human development, social justice and sustainable social systems
November-18: Theology of poverty
Welcome to the new Faith and Action!
…May all of us feel that we are in debt to the poor, because, in hands outstretched to one another, a salvific encounter can take place to strengthen our faith, inspire our charity and enable our hope to advance securely on our path towards the Lord who is to come.
18 November 2018 marked the second annual World Day of the Poor established by Pope Francis in his Apostolic Letter, Misericordia et Misera (issued on 20 November 2016). In joining our Pontiff’s appeal, Caritas Europa is calling on Christians to serve the poor with concrete actions that address their daily needs.
Caritas Europa understands poverty very broadly as a multi-dimensional, multi-faceted phenomenon and which is based not solely on income, as hitherto, but includes basic needs, basic human rights and such intangibles as vulnerability, risk, inequality, marginalisation, discrimination, exclusion, a feeling of powerlessness, the circumscribing of options and choices.
Here we thus explore poverty in all its complexities, minding material, cultural, emotional and spiritual aspects of poverty, which are closely interconnected and often mutually sustained. We also look here at various possible ways of eradicating poverty in its broad context, as seen in the successful stories by many of our Caritas Europa member organisations, and testimonies of people who found their way out of challenging living circumstances by the means of reaching out and asking for help as well as engaging into social projects and eventually providing help for others who are in need.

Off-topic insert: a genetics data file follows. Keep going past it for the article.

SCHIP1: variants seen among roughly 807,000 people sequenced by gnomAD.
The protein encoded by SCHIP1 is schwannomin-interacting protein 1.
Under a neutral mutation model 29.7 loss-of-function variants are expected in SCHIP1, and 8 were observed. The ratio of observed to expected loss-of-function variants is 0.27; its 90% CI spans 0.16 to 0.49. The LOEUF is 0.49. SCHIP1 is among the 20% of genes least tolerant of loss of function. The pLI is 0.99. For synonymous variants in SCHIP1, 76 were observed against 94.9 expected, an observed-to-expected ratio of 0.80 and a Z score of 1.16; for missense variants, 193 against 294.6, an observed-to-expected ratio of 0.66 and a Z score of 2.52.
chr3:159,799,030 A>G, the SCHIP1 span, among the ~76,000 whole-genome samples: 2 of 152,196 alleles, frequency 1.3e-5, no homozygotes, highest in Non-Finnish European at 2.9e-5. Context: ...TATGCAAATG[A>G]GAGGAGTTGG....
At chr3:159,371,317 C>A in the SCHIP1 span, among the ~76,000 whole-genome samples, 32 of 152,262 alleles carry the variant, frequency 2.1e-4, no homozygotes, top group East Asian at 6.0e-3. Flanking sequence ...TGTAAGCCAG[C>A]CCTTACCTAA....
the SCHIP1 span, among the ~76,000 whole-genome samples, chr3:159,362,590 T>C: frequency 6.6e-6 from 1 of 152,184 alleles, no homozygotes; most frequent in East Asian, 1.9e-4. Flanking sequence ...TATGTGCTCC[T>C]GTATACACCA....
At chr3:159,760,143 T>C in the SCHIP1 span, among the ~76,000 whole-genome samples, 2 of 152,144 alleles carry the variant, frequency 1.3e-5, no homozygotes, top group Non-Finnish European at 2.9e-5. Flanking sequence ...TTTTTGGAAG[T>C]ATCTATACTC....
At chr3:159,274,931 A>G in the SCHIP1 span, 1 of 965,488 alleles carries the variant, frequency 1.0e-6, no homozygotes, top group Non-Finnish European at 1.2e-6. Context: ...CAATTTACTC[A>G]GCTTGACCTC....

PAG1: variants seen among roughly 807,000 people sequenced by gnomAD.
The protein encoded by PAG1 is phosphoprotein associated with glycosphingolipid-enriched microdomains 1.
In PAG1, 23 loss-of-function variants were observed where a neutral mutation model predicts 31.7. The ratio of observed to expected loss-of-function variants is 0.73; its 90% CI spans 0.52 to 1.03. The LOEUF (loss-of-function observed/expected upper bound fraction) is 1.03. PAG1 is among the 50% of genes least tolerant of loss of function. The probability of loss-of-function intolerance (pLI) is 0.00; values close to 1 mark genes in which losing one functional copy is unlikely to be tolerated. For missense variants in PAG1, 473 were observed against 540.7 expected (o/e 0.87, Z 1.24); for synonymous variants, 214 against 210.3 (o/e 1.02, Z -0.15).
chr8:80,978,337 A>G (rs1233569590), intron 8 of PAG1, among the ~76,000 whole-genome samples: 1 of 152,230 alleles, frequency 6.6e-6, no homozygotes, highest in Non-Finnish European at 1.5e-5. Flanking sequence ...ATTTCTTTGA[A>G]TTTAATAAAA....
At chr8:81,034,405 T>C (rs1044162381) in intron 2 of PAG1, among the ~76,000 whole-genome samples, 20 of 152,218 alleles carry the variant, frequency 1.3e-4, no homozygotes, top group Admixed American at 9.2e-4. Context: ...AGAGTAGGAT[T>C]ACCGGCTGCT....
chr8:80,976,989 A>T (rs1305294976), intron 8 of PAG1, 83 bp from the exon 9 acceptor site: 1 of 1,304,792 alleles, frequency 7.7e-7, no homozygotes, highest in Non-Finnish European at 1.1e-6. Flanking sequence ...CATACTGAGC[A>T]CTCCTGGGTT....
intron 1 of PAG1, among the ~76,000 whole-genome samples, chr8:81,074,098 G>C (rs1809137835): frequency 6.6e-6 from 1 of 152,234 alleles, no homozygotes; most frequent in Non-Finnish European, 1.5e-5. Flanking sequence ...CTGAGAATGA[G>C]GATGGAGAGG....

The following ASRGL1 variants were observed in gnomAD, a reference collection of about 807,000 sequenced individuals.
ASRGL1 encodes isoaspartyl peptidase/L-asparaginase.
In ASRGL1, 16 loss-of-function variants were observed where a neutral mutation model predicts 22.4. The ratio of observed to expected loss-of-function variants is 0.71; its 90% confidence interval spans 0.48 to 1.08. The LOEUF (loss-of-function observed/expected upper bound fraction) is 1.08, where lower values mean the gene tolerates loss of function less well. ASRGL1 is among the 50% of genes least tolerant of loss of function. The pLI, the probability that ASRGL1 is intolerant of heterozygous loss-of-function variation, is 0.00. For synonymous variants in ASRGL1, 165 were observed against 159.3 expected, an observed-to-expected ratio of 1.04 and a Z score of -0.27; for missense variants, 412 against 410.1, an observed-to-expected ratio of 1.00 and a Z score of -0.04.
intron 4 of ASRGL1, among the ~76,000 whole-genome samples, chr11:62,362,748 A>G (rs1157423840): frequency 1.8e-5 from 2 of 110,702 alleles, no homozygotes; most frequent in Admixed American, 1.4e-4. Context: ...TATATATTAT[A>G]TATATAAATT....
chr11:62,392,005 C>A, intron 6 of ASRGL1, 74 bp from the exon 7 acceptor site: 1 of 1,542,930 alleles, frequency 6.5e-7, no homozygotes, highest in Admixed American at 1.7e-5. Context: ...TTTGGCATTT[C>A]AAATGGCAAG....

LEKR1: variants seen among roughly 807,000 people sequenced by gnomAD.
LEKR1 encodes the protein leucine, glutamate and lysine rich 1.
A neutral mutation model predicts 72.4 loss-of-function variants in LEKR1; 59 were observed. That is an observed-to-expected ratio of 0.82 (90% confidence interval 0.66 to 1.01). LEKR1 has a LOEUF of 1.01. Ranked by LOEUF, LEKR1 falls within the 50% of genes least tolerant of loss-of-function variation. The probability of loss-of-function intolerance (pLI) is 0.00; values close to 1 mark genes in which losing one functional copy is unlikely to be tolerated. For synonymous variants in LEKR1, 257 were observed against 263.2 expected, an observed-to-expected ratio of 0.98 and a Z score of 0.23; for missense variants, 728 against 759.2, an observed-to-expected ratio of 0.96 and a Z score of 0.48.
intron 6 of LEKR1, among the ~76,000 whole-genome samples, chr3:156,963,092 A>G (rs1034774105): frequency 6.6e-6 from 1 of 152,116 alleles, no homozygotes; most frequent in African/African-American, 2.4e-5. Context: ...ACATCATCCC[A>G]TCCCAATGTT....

This platform provides a space for in-depth interdisciplinary and ecumenical reflection. The focus is on the relationship between the Catholic Church’s praxis and the social thought coming from various Caritas organisations. It allows for practical and academic exchange on how to better develop this relationship for the mutual benefit of all. The platform is designed around concrete urgent social themes, offering serious, respectful and innovative reflections on bridging religious praxis and contemporary societies. Faith and Action offers a forum for the voices of diverse people of various cultural and ethnic backgrounds. It offers concrete examples, records current research and assesses the relevant literature.
The opinions expressed in the articles here are solely those of the author(s) and do not necessarily represent the views of Caritas Europa.
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